That said, I do think the whole ‘hoolie lit’ genre receives an awful lot of criticism almost all of which is unjust. There have been something like 60 books published within the genre now the bulk of which are by first time authors who would never have dreamed of writing had people like Colin Ward, John King and to a lesser extent Eddy and I, not kickstarted the whole thing.

Now I’m not saying all those books were literary masterpieces but the key thing about hoolie lit is that it knows exactly what it is (or was) and who it is aimed at. As a consequence, not only has it sold a lot of books but just as importantly, those books have brought a lot of people back into reading.

Yet as a literary genre, it receives no recognition for what it achieved. I always say that those of us who write it are not simply regarded as the bottom rung of the literary ladder, we’re the bungs on the feet at the bottom.

That’s bollocks really. How many paperbacks in any genre are still in print 12 years after they first came out? Colin Ward’s Steaming In is, so is Everywhere We Go for that matter.

3:AM: How did you end up in a writing partnership with your brother?

DB: It was easier! Two typewriters means twice the speed and half the research!

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3:AM: You moved from novels into screenwriting with It’s A Casual Life. To what extent do you agree that the ‘casual’ subculture is as much defined by attire as violence and what do you make of the forthcoming Awaydays film?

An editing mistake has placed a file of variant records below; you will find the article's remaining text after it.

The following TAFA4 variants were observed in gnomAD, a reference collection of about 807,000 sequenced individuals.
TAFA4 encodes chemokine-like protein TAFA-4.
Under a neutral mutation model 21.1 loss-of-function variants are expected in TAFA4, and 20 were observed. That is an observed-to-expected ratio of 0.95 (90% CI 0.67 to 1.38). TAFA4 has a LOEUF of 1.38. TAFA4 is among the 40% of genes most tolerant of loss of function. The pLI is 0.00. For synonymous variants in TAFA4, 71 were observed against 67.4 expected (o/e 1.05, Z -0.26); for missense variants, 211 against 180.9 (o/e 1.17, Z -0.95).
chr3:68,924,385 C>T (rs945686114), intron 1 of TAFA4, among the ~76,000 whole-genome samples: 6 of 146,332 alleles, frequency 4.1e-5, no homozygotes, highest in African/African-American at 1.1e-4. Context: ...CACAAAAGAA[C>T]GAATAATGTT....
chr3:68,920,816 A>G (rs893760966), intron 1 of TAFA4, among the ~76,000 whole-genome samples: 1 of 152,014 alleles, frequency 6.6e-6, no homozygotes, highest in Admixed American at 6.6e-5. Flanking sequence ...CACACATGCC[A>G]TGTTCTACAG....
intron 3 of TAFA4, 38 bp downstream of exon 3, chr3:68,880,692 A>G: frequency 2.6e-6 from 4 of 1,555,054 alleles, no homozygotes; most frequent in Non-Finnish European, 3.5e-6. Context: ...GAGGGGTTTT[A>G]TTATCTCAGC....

DB: Of all the subjects I write about, Casual is the one which attracts the most bizarre range of opinions. Largely, it must be said, because there are people involved in the nostalgia surrounding the origins of the scene who are so anal about it, I wonder how they can possibly walk straight.

But to me, as I’ve said many times, Casual is about football and clothes. Period. Yes, there were bands who jumped on it and yes, there are plenty of lads who got into politics be they left or right wing but they were all incidental. At the core of it all is the simple truth that back in the early days, gear was the uniform of the Saturday Scene and was designed to send a message to those on the outside. We’re better than you, don’t fuck with us. To me, that hasn’t really changed.